BUT WHAT ABOUT POOKIE?: GRAPPLING WITH THE PROSPECTS OF MARIJUANA POLICY REFORM AS A MEANS TO PROTECT THE BLACK COMMUNITY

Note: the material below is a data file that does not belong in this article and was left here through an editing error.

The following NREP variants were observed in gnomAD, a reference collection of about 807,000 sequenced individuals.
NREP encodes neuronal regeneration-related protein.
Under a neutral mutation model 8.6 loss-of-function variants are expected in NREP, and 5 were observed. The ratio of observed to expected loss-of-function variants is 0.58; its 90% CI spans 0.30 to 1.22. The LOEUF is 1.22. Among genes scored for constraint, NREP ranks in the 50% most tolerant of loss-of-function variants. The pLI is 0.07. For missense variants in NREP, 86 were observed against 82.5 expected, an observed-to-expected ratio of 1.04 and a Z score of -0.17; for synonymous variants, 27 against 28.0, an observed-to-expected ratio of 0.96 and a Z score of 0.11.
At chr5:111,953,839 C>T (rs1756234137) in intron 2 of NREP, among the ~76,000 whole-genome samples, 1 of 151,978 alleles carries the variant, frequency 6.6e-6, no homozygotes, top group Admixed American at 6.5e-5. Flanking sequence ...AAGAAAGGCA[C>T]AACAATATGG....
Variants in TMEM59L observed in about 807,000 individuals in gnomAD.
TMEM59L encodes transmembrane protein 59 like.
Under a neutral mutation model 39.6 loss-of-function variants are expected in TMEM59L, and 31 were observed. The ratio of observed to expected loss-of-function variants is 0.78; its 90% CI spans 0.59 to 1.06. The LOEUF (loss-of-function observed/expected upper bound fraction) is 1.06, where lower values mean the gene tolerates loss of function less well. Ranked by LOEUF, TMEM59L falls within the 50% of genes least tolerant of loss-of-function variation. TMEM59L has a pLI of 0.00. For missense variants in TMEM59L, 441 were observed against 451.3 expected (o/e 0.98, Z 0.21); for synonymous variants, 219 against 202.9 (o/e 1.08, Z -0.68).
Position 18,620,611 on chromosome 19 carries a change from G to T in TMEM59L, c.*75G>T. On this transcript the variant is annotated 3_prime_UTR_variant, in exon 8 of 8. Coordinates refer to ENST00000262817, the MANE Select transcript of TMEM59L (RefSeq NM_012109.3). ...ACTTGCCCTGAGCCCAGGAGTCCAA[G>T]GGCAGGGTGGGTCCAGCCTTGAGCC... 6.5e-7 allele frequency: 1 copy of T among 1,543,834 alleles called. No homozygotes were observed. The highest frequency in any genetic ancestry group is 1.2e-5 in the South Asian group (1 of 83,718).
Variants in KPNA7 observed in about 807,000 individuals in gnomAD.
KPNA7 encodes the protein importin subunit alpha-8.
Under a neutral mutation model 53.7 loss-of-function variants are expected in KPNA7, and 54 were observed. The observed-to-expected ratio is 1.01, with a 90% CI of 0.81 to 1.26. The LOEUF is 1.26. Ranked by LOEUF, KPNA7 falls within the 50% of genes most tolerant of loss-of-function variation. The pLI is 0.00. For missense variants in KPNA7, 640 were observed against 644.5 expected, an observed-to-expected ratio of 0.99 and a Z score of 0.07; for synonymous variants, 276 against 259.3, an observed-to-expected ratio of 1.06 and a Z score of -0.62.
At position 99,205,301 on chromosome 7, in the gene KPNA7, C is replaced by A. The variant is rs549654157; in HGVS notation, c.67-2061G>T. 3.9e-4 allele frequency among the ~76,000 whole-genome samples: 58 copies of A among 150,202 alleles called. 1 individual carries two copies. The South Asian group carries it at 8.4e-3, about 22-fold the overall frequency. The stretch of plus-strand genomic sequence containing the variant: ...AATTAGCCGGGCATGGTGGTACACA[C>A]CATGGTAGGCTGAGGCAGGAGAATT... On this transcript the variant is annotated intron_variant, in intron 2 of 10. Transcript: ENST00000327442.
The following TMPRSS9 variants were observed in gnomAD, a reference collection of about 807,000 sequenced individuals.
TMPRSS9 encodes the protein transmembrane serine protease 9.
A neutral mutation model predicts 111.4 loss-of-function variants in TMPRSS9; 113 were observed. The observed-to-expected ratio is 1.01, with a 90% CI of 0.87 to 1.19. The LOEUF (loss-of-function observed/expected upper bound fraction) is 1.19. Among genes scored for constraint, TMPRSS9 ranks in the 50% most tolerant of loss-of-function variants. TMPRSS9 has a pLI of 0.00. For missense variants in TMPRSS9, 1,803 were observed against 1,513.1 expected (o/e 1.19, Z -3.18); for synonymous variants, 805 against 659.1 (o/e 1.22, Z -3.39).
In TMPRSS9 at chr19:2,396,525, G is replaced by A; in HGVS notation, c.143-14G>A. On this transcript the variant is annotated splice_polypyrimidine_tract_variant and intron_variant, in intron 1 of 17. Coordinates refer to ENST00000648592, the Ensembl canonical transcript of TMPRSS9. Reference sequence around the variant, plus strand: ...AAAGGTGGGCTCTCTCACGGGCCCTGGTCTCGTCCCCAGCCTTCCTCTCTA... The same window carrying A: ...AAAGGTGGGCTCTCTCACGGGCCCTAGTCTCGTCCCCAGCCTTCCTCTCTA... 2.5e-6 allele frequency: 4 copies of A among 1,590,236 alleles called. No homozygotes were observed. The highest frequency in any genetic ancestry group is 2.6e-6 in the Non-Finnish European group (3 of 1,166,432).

In 2014, the District of Columbia revolutionized what marijuana policy reform campaigns have typically looked like throughout the United States. Founded by race-conscious, frustrated residents, the leading pro-legalization campaign, DC Cannabis Campaign and the antilegalization campaign, Two Is Enough DC, took on a much different tone than the campaigns that legalized marijuana in states like Washington, Colorado, and Alaska. There was an active, unprecedented desire to campaign for their respective positions on marijuana under the framework that they wanted to protect the Black community. Historically and today, Black advocacy has been riddled with the politics of respectability, which arguably, can be understood as a survival tactic within White America. However, through the lens of both of these campaigns and their implications, I evaluate intra-Black community advocacy and the way their approaches to defining community affect their goals of protecting the community. I argue that regardless of promises, advocacy for the Black community that aligns with traditional, conservative respectability politics cannot comprehensively protect the entire community, and in order to wholly do so, advocates must actively resist that kind of rhetoric. Fundamentally, through both campaigns and their opposing approaches to liberation, my research evaluated the fight for Black liberation and worked to unpack and decolonize the historical and current comprehensiveness of advocacy for the Black community, particularly around “vices.”
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